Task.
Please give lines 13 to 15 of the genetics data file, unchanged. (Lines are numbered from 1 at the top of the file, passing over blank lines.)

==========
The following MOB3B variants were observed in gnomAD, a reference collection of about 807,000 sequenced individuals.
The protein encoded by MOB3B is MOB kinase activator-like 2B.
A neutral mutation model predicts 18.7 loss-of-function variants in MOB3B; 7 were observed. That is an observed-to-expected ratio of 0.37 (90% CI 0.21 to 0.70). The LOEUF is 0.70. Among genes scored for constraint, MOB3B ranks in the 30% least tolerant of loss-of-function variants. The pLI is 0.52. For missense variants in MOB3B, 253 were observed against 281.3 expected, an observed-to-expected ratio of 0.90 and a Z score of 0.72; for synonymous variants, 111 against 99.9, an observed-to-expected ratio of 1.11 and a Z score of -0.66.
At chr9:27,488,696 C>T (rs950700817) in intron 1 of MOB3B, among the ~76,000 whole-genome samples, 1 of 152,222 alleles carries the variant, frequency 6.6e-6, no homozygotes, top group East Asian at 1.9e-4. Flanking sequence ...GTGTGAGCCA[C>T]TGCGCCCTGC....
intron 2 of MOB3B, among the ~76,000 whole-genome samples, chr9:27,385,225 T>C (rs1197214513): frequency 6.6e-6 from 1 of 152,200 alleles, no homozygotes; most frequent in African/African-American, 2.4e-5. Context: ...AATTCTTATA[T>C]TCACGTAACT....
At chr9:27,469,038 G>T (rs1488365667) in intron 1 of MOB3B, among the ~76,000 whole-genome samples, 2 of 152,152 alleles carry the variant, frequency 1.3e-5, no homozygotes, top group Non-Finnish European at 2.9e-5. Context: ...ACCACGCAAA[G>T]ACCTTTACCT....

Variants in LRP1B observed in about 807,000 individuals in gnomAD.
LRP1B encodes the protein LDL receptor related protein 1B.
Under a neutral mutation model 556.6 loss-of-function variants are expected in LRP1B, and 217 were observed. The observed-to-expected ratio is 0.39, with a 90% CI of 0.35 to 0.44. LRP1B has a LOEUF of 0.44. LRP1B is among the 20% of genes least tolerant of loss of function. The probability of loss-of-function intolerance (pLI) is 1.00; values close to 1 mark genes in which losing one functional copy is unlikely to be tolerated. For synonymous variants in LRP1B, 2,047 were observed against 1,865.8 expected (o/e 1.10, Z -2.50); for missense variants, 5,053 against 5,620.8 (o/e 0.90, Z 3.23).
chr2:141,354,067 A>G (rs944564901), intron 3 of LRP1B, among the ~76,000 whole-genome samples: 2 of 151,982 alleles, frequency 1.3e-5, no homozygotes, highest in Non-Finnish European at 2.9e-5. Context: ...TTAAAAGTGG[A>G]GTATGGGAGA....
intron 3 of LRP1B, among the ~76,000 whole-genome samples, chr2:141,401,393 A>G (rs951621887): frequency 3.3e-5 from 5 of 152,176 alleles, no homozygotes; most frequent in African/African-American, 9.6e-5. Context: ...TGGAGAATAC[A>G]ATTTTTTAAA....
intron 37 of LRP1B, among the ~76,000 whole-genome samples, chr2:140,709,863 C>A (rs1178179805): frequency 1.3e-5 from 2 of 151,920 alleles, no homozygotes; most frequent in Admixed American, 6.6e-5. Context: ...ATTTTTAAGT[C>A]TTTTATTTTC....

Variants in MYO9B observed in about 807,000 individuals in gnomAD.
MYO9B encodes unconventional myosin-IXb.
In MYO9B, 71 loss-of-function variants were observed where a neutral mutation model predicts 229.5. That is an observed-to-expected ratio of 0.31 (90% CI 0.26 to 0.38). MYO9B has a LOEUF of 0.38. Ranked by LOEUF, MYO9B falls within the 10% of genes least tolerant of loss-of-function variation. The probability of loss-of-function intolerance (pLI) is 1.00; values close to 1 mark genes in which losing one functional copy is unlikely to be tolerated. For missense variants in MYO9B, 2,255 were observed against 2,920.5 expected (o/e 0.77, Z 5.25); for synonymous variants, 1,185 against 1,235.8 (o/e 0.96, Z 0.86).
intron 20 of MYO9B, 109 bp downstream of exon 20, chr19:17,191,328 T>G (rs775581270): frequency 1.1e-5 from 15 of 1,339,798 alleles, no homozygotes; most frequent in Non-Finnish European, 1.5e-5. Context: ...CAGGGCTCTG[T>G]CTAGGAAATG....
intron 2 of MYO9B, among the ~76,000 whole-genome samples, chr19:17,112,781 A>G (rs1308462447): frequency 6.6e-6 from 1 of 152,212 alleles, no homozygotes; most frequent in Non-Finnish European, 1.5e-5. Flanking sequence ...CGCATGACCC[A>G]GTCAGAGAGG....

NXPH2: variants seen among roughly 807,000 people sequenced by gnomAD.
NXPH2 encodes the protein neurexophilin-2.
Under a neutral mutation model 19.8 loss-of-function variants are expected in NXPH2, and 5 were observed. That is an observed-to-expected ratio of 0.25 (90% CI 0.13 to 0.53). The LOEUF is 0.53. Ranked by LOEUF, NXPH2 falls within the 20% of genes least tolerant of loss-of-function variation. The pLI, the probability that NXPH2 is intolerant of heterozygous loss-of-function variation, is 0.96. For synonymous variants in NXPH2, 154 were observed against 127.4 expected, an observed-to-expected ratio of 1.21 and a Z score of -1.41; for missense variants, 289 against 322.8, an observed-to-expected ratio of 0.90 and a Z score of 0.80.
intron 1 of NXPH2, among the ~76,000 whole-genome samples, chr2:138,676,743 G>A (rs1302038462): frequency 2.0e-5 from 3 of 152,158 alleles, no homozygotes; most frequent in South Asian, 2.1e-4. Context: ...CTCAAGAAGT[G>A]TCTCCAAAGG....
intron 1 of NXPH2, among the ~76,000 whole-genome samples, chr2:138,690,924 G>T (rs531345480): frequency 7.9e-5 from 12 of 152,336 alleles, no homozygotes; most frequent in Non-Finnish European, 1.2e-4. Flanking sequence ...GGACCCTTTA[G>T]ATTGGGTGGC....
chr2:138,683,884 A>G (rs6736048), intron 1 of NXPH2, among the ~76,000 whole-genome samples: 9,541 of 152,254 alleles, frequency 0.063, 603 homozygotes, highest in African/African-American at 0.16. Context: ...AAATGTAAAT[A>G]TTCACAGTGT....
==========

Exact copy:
Variants in MYO9B observed in about 807,000 individuals in gnomAD.
MYO9B encodes unconventional myosin-IXb.
In MYO9B, 71 loss-of-function variants were observed where a neutral mutation model predicts 229.5. That is an observed-to-expected ratio of 0.31 (90% CI 0.26 to 0.38). MYO9B has a LOEUF of 0.38. Ranked by LOEUF, MYO9B falls within the 10% of genes least tolerant of loss-of-function variation. The probability of loss-of-function intolerance (pLI) is 1.00; values close to 1 mark genes in which losing one functional copy is unlikely to be tolerated. For missense variants in MYO9B, 2,255 were observed against 2,920.5 expected (o/e 0.77, Z 5.25); for synonymous variants, 1,185 against 1,235.8 (o/e 0.96, Z 0.86).